How negatively does Aeneas’s abandonment of Dido reflect on his character?
Though Aeneas cannot resist the will of the
gods or fate, which demands that he leave Carthage, the manner in
which he leaves Dido is not beyond contempt. We know from other
passages that Aeneas is not a character without compassion, yet
if Aeneas feels genuine sympathy for the lover he is about to abandon,
he fails to express it well. He speaks formally and tersely to Dido,
offers her little comfort, and denies that an official marriage
bound them to each other. He refers to Troy and the new home he
plans to found in Italy and talks of his son’s future. We can find
fault in Aeneas because, while Virgil allows us a view of Aeneas’s
emotions of sadness, regret, and reluctance as he leaves Carthage,
Aeneas expresses little of these emotions to Dido. If we consider
one’s self to reside in one’s will and emotions, Aeneas betrays
himself by leaving Dido, and he admits as much, claiming that her
words set them “both afire” (IV.
Both Aeneas and Dido face a conflict between civic responsibility and individual desire. Aeneas sides with his obligations, while Dido submits to her desires, and so their love is tragically impossible. In terms of his patriotic duty, Aeneas acts impeccably, though he may be faulted for staying with Dido in Carthage as long as he does. His abandonment of Dido is necessary his service to Troy, his allies, his son, his father, and fate. From this point of view, Aeneas acts correctly in subjecting his desires to the benefit of the Trojan people.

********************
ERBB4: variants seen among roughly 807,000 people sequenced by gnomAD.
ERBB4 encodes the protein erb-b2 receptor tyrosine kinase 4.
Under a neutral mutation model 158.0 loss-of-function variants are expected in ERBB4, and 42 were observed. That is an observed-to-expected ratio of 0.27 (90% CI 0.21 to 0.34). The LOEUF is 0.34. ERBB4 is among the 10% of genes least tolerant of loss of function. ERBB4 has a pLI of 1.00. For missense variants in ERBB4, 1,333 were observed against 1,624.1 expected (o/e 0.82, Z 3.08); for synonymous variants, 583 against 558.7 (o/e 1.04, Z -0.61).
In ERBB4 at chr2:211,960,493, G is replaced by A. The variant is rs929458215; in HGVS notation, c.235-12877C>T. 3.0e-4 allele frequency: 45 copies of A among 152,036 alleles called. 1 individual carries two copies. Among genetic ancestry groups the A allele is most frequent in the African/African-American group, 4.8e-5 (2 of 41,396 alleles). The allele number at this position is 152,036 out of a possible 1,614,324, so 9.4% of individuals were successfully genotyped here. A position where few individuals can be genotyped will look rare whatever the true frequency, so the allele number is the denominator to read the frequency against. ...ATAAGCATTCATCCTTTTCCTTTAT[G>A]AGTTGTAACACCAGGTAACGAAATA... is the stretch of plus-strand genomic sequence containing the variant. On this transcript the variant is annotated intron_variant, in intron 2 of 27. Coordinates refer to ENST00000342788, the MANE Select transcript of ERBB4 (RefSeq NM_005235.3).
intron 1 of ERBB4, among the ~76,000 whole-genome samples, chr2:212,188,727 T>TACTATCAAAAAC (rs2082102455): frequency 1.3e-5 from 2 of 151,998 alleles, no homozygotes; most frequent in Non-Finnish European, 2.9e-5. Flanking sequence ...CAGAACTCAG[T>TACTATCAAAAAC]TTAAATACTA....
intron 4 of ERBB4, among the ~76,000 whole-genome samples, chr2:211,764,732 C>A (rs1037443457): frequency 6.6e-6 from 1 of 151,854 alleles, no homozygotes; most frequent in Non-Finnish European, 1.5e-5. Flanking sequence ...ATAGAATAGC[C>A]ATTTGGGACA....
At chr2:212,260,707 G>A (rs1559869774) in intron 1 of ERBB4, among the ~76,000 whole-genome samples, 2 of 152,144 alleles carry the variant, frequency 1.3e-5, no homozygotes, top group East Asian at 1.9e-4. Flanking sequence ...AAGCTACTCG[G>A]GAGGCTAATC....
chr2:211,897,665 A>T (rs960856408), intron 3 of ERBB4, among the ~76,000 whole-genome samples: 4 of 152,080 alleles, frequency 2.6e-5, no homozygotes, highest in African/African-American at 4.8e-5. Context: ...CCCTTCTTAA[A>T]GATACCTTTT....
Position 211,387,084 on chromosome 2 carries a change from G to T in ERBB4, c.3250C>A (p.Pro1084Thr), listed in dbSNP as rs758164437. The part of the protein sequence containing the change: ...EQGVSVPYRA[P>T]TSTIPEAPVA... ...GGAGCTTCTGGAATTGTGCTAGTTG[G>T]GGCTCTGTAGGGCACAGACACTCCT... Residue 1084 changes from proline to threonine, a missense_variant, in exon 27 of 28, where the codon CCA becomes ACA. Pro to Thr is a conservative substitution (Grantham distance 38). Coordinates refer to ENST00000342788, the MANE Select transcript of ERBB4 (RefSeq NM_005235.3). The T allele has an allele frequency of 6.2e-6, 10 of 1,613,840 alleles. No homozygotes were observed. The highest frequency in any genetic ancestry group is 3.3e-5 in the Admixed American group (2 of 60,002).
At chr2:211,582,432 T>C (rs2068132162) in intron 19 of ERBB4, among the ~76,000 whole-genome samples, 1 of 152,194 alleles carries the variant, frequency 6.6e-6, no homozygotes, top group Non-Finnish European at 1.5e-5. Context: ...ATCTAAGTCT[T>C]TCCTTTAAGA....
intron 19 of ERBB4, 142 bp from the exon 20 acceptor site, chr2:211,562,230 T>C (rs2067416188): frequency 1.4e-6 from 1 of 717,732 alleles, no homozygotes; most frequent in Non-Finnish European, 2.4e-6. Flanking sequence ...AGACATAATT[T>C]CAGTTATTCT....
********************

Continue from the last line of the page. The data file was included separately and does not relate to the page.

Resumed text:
Dido fails her city by ignoring her civic duty from the point when she falls in love with Aeneas to her suicide. Virgil suggests that Dido’s suicide mythically anticipates Rome’s defeat of Carthage, hundreds of years later. How negatively we judge Aeneas for his abandonment of Dido depends not on whether we sympathize with or blame Dido, but on whether we believe that Aeneas’s manner of leaving her—and not his departure itself—is what causes her suicide.
To what extent is the Aeneid a political poem? Is it propaganda?
In many of the passages referring explicitly to the emperor Augustus—in Anchises’s presentation of the future of Rome, for example—Virgil’s language suggests an honest and heartfelt appreciation of Augustus’s greatness. It is worth noting, however, that in addition to being the emperor, Augustus was also Virgil’s patron. It would thus have been impossible for Virgil to criticize him outright in his work. One can argue that Virgil may not have truly believed in Augustus’s greatness and that the impossibility of explicit criticism forced him to resort to subtle irony in order to air any grievances regarding Augustus’s policies or ideology.
What is the relationship in the Aeneid between an individual’s merit and the degree to which his or her personality is interesting? How might our estimation differ from Virgil’s?
In some ways, Juno, Dido, and Turnus are
more developed, well-defined characters than Aeneas is. They act
on their desires and emotions and assert their wills, and Virgil
puts much of his best poetry into the words and descriptions of
these three. Yet throughout the